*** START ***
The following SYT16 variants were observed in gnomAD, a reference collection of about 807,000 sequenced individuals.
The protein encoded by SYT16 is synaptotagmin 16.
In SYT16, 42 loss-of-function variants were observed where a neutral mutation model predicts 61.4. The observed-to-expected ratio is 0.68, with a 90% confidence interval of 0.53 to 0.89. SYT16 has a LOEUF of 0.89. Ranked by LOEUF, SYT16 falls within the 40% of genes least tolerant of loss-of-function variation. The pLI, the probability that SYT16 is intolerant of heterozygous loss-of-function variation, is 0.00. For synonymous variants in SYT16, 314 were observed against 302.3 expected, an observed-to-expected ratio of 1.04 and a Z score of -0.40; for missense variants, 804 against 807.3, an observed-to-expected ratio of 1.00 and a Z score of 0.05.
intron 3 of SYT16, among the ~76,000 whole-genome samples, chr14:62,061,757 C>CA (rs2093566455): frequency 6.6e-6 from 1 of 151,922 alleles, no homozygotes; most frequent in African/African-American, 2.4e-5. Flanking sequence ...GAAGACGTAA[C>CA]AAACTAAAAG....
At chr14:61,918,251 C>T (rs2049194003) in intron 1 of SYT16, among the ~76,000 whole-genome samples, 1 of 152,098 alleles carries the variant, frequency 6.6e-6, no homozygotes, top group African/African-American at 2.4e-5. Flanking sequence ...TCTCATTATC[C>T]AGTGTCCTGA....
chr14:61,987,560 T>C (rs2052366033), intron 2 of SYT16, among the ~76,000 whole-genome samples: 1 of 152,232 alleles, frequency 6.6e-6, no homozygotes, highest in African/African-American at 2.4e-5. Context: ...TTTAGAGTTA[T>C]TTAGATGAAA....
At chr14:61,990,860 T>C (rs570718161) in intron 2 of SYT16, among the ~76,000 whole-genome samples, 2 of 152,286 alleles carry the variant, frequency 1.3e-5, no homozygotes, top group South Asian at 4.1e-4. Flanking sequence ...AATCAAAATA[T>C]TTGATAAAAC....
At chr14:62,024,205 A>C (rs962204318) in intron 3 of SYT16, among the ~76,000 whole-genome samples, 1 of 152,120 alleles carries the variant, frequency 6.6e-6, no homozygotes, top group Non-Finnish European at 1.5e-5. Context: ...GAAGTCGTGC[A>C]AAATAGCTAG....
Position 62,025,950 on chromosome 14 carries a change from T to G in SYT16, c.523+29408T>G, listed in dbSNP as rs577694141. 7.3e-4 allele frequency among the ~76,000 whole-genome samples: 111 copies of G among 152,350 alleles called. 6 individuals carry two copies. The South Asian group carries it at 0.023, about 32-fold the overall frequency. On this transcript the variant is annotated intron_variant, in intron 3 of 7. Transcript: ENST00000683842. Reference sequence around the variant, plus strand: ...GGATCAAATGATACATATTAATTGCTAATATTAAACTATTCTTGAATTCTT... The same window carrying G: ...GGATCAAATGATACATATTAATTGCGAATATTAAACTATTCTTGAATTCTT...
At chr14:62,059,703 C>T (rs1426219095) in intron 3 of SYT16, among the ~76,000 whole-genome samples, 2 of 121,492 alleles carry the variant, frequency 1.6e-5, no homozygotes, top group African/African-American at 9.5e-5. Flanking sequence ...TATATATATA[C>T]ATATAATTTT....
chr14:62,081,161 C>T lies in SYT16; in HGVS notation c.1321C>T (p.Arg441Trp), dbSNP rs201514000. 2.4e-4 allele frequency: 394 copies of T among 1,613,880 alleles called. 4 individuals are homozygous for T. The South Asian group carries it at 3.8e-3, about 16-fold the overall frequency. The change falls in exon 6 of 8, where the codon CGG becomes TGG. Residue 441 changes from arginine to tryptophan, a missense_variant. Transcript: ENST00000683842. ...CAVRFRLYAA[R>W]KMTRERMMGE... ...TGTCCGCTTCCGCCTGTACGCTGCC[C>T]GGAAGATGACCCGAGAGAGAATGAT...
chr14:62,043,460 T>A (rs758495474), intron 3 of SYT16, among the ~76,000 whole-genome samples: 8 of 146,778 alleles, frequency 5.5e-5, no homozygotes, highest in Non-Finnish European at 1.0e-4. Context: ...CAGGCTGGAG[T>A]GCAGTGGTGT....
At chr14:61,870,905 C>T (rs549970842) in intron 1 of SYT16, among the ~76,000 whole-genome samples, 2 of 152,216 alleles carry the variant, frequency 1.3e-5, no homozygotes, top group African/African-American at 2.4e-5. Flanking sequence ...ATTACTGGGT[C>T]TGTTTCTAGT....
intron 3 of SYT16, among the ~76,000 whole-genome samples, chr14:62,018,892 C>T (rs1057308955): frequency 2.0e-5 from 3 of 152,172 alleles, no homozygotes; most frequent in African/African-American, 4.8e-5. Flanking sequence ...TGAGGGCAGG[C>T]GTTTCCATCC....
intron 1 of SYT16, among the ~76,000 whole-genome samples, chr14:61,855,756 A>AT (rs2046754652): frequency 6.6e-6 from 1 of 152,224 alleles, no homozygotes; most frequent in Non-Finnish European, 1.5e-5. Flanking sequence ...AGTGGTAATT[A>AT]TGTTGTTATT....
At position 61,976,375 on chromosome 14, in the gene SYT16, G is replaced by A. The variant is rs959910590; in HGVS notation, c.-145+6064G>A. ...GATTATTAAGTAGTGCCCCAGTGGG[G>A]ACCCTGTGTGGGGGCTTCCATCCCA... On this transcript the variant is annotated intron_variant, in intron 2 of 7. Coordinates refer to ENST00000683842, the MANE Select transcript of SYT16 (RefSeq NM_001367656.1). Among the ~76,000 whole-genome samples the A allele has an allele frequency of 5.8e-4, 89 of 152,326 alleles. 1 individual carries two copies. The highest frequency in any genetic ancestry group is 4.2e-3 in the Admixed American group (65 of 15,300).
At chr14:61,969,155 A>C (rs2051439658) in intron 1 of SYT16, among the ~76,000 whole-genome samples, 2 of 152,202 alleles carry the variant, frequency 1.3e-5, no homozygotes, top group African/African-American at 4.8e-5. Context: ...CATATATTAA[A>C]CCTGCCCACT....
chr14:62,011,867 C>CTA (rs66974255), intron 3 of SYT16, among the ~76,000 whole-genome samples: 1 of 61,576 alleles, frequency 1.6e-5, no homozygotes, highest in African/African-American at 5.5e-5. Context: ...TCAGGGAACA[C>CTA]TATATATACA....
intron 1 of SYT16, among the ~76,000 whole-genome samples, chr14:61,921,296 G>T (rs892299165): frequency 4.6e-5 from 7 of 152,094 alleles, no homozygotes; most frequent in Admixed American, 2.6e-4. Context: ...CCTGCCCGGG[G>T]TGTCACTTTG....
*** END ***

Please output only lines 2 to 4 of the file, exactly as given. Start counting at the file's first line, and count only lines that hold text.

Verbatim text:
The protein encoded by SYT16 is synaptotagmin 16.
In SYT16, 42 loss-of-function variants were observed where a neutral mutation model predicts 61.4. The observed-to-expected ratio is 0.68, with a 90% confidence interval of 0.53 to 0.89. SYT16 has a LOEUF of 0.89. Ranked by LOEUF, SYT16 falls within the 40% of genes least tolerant of loss-of-function variation. The pLI, the probability that SYT16 is intolerant of heterozygous loss-of-function variation, is 0.00. For synonymous variants in SYT16, 314 were observed against 302.3 expected, an observed-to-expected ratio of 1.04 and a Z score of -0.40; for missense variants, 804 against 807.3, an observed-to-expected ratio of 1.00 and a Z score of 0.05.
intron 3 of SYT16, among the ~76,000 whole-genome samples, chr14:62,061,757 C>CA (rs2093566455): frequency 6.6e-6 from 1 of 151,922 alleles, no homozygotes; most frequent in African/African-American, 2.4e-5. Flanking sequence ...GAAGACGTAA[C>CA]AAACTAAAAG....